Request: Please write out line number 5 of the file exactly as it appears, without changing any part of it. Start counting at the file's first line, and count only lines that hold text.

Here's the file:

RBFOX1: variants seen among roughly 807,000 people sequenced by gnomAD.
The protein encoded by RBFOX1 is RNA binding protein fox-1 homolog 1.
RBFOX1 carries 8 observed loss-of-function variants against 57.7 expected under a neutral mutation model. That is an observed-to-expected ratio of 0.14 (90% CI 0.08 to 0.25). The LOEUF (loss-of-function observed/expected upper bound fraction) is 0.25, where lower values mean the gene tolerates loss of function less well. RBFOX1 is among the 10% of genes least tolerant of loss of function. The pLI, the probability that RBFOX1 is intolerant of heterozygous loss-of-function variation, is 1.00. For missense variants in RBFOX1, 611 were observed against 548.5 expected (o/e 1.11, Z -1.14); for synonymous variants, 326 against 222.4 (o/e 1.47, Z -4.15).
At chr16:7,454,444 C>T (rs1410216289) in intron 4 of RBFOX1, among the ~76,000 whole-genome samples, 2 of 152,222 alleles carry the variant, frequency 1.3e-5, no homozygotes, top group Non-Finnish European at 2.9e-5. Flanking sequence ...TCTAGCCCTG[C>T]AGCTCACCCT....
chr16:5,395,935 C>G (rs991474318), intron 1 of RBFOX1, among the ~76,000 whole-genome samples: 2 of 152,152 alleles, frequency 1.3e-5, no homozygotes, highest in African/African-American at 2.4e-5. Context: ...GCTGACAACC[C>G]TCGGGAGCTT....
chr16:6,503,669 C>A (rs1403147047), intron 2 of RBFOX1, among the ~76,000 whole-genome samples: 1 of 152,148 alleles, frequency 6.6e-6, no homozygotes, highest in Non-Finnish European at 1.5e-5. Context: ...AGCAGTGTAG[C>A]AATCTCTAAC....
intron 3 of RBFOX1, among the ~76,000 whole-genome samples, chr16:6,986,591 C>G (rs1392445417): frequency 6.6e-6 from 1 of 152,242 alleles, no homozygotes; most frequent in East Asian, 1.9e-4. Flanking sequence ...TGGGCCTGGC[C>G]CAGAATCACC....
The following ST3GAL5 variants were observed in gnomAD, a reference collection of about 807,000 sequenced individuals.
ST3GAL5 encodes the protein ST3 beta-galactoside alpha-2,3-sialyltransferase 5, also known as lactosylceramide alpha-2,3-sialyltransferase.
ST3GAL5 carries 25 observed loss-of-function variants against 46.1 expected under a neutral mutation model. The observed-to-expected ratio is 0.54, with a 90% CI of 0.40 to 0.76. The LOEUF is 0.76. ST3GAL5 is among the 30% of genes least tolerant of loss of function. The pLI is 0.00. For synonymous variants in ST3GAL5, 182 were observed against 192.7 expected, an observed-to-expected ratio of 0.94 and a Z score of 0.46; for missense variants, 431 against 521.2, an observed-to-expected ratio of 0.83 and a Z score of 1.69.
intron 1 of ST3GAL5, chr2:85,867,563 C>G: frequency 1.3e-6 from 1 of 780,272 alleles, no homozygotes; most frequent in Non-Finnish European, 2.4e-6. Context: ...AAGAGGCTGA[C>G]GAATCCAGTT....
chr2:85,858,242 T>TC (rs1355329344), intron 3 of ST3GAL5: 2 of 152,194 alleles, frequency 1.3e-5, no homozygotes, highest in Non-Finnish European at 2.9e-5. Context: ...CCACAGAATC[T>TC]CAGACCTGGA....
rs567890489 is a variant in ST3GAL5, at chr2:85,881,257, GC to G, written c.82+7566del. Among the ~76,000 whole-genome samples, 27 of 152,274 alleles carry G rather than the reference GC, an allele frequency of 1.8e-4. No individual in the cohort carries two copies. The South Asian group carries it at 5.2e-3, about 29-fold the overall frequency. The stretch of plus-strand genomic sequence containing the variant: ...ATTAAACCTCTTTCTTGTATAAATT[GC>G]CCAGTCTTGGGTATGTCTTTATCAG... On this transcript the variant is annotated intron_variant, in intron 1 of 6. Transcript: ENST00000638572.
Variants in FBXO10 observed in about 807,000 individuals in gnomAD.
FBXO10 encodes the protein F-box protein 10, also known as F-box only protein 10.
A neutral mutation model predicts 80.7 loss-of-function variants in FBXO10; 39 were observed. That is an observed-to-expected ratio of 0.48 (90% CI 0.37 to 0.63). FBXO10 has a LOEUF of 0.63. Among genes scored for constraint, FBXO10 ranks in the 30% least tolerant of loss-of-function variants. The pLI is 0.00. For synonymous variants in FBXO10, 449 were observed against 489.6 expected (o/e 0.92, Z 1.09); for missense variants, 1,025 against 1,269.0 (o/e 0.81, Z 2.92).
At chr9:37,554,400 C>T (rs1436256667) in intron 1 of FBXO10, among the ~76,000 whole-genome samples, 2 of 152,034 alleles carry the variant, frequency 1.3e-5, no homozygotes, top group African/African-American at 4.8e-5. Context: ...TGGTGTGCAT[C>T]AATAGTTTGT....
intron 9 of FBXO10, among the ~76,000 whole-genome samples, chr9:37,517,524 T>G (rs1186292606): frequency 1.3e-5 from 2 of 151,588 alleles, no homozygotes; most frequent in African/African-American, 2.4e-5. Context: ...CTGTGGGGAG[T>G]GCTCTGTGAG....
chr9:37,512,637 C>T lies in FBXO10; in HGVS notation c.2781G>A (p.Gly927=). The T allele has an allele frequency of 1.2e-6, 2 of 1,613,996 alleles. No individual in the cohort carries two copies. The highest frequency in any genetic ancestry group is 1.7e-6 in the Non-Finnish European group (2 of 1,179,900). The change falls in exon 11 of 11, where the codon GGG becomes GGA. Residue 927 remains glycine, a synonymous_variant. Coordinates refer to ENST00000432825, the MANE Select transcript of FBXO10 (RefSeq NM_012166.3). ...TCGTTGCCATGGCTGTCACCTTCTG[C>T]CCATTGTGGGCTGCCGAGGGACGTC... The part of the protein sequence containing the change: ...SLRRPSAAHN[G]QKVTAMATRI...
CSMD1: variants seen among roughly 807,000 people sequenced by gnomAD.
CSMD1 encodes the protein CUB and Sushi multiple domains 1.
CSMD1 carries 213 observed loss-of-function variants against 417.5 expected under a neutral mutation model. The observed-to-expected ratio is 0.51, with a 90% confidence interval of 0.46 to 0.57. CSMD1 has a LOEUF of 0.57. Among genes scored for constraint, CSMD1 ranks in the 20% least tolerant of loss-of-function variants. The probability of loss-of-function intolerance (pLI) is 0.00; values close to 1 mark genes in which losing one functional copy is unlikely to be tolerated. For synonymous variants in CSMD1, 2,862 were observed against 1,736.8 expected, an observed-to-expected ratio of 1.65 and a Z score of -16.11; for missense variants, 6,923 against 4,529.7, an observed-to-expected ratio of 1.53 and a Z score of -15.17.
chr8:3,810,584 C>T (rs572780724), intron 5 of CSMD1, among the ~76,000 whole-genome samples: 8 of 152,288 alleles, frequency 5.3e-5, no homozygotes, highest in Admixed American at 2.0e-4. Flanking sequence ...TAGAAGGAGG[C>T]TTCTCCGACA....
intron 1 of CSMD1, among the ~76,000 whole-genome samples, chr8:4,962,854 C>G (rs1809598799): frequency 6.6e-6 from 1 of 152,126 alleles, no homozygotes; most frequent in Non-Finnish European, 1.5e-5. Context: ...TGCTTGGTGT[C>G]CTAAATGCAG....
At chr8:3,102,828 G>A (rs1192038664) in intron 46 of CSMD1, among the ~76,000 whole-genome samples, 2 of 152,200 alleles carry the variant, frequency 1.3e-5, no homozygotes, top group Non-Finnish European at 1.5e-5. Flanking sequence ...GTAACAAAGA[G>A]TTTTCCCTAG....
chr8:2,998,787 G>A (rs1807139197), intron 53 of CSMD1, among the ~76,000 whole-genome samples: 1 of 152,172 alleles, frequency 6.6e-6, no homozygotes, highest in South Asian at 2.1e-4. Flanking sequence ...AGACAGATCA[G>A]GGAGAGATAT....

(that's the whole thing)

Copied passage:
chr16:5,395,935 C>G (rs991474318), intron 1 of RBFOX1, among the ~76,000 whole-genome samples: 2 of 152,152 alleles, frequency 1.3e-5, no homozygotes, highest in African/African-American at 2.4e-5. Context: ...GCTGACAACC[C>G]TCGGGAGCTT....